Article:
The Labor Department has proposed raising the threshold under which workers are entitled to mandatory overtime pay, whenever their workweek exceeds 40 hours, to $35,308.

Under current rules, the threshold is $23,660 a year. The change would extend overtime eligibility to 1.1 million additional workers, the Labor Department said.

The $23,660 threshold was set in 2004.

“At my confirmation hearings, I committed to an update of the 2004 overtime threshold,” Labor Secretary Alexander Acosta said in a written statement, “and today’s proposal would bring common sense, consistency, and higher wages to working Americans.”

In 2016, the Labor Department raised the salary threshold to about $47,000, which would have extended mandatory overtime pay to about 4 million U.S. workers, but business groups and 21 Republican-led states sued to challenge that rule.

Daniel Zhao, a senior economist at Glassdor, said expanding eligibility would likely improve wage growth for low-wage workers. “Over the past year, we’ve actually seen minimum wage increases translate into very healthy pay growth — over 5 percent — for low-wage workers like cashiers, bank tellers, and baristas,” he said.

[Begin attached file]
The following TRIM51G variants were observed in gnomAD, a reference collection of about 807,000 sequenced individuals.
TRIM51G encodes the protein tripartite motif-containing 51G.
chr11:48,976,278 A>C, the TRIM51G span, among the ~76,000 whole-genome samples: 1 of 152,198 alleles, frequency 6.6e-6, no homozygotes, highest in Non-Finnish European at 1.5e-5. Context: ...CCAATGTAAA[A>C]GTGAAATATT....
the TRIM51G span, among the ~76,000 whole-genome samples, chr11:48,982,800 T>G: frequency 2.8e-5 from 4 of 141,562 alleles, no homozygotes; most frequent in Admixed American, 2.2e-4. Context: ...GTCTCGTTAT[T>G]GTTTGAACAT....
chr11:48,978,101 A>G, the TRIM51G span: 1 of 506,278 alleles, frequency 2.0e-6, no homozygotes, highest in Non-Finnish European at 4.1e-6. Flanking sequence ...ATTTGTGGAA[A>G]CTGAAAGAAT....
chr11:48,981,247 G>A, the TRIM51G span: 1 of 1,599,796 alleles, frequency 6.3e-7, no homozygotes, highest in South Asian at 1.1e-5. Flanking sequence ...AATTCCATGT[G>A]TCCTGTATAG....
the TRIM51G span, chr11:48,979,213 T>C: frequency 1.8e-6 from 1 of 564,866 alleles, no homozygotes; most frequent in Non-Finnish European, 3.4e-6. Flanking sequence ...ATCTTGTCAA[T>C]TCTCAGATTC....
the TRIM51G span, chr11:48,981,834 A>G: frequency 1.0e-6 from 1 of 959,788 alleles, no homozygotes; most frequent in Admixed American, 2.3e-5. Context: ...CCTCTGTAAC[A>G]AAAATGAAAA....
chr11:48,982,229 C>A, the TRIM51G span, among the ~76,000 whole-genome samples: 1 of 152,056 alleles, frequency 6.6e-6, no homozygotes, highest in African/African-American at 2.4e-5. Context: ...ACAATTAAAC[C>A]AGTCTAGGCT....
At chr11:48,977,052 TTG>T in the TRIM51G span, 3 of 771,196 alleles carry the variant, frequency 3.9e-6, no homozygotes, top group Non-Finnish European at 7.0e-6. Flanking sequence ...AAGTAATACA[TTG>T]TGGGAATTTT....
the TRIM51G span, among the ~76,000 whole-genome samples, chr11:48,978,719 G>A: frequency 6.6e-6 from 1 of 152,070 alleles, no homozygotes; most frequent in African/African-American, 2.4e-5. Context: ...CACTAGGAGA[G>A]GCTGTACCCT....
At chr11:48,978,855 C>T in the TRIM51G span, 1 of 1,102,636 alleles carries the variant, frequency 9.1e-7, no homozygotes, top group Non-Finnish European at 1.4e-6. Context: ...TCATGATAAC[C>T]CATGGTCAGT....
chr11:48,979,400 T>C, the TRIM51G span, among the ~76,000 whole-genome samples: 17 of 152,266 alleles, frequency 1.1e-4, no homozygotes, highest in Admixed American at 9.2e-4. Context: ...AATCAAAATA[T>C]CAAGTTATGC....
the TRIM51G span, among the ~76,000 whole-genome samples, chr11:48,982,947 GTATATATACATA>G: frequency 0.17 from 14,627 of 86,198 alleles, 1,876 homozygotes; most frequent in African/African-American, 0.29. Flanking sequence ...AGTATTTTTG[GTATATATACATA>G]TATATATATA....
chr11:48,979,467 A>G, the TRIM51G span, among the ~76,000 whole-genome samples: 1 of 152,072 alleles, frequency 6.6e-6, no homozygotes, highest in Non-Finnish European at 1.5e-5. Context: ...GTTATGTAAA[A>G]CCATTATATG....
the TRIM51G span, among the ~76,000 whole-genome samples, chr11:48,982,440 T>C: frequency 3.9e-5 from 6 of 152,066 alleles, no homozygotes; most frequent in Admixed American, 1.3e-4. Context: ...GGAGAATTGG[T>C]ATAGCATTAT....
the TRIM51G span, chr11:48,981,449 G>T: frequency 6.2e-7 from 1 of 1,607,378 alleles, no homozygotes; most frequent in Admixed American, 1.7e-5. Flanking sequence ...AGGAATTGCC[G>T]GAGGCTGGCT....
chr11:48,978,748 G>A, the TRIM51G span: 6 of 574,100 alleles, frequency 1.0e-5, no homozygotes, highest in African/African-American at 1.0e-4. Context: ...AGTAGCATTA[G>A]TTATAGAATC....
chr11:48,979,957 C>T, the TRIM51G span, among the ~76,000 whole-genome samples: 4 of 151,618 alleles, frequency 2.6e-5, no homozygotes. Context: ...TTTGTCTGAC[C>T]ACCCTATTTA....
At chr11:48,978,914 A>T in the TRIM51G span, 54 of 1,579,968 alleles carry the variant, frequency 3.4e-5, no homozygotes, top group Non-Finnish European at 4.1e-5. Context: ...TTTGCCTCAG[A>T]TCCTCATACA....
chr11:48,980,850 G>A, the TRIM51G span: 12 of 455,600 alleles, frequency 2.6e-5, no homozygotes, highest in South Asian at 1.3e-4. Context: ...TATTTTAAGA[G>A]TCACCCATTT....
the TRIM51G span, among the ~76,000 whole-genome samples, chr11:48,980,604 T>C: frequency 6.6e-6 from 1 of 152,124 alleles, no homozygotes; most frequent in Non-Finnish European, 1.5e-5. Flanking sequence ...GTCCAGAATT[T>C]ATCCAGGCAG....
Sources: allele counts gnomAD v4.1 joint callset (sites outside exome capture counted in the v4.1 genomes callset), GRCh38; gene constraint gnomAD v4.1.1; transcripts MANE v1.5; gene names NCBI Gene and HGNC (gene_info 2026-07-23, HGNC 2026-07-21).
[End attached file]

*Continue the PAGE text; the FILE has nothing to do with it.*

The Labor Department said the proposal was informed by extensive public input in response for a request for information in 2017. It said 200,000 comments were submitted.

The threshold would not change automatically with inflation. The new eligibility criteria would go into effect in 2020.

Harry Holzer, a professor of public policy at Georgetown University, said the new proposal was a compromise.

“I think those in the business community are going to accept it as a compromise — the best they can do — and Democrats will feel it’s certainly better than nothing.”

Heidi Shierholz, the chief economist at the department under President Barack Obama, said, “This administration is effectively turning its back on millions of workers. Trump and his cabinet are again siding with corporate interests over those of working people.”

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